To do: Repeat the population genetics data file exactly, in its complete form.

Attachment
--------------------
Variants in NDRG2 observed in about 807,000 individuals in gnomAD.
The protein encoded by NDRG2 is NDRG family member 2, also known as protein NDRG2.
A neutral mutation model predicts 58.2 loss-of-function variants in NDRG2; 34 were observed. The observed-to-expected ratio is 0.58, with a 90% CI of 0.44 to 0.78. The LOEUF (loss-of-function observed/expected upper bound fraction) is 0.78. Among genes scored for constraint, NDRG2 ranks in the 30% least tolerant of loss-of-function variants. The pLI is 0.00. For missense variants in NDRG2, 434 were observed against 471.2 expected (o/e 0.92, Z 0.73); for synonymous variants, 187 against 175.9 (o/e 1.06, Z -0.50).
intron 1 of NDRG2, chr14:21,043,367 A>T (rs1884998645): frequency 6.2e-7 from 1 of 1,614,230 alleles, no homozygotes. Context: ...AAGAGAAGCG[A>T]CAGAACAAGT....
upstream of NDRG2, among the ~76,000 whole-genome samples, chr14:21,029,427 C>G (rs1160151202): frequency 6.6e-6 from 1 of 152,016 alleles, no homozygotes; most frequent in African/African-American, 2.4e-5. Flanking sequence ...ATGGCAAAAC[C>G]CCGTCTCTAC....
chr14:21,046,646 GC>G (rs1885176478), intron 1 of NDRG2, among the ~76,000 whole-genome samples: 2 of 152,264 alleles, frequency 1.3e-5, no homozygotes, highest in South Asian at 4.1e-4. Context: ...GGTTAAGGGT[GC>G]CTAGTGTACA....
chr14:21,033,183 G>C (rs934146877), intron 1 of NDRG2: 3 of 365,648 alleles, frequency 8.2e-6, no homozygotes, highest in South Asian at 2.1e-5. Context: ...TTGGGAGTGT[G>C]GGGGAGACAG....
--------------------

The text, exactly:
Variants in NDRG2 observed in about 807,000 individuals in gnomAD.
The protein encoded by NDRG2 is NDRG family member 2, also known as protein NDRG2.
A neutral mutation model predicts 58.2 loss-of-function variants in NDRG2; 34 were observed. The observed-to-expected ratio is 0.58, with a 90% CI of 0.44 to 0.78. The LOEUF (loss-of-function observed/expected upper bound fraction) is 0.78. Among genes scored for constraint, NDRG2 ranks in the 30% least tolerant of loss-of-function variants. The pLI is 0.00. For missense variants in NDRG2, 434 were observed against 471.2 expected (o/e 0.92, Z 0.73); for synonymous variants, 187 against 175.9 (o/e 1.06, Z -0.50).
intron 1 of NDRG2, chr14:21,043,367 A>T (rs1884998645): frequency 6.2e-7 from 1 of 1,614,230 alleles, no homozygotes. Context: ...AAGAGAAGCG[A>T]CAGAACAAGT....
upstream of NDRG2, among the ~76,000 whole-genome samples, chr14:21,029,427 C>G (rs1160151202): frequency 6.6e-6 from 1 of 152,016 alleles, no homozygotes; most frequent in African/African-American, 2.4e-5. Flanking sequence ...ATGGCAAAAC[C>G]CCGTCTCTAC....
chr14:21,046,646 GC>G (rs1885176478), intron 1 of NDRG2, among the ~76,000 whole-genome samples: 2 of 152,264 alleles, frequency 1.3e-5, no homozygotes, highest in South Asian at 4.1e-4. Context: ...GGTTAAGGGT[GC>G]CTAGTGTACA....
chr14:21,033,183 G>C (rs934146877), intron 1 of NDRG2: 3 of 365,648 alleles, frequency 8.2e-6, no homozygotes, highest in South Asian at 2.1e-5. Context: ...TTGGGAGTGT[G>C]GGGGAGACAG....